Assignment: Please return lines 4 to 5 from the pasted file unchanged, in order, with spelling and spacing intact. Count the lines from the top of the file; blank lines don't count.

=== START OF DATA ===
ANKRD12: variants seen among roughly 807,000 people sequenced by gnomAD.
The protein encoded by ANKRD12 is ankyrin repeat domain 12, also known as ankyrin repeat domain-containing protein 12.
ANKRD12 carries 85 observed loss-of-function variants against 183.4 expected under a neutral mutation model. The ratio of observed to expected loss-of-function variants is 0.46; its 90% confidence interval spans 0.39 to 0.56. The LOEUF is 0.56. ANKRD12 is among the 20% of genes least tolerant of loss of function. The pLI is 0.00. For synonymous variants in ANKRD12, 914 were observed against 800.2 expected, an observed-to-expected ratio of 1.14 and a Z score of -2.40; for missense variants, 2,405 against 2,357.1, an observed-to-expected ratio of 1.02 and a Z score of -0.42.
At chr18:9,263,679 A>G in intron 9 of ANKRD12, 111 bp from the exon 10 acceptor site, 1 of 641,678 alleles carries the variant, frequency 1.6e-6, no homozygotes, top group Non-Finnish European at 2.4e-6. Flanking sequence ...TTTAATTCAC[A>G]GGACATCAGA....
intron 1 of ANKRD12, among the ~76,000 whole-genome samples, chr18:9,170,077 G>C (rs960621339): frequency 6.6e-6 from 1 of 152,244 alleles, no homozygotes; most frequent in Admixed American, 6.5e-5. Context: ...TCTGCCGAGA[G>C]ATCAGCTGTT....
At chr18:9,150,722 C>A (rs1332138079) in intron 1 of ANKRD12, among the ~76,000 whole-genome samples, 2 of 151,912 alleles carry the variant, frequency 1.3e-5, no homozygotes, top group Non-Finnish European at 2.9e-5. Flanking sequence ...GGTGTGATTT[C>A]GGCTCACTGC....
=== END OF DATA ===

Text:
At chr18:9,263,679 A>G in intron 9 of ANKRD12, 111 bp from the exon 10 acceptor site, 1 of 641,678 alleles carries the variant, frequency 1.6e-6, no homozygotes, top group Non-Finnish European at 2.4e-6. Flanking sequence ...TTTAATTCAC[A>G]GGACATCAGA....
intron 1 of ANKRD12, among the ~76,000 whole-genome samples, chr18:9,170,077 G>C (rs960621339): frequency 6.6e-6 from 1 of 152,244 alleles, no homozygotes; most frequent in Admixed American, 6.5e-5. Context: ...TCTGCCGAGA[G>C]ATCAGCTGTT....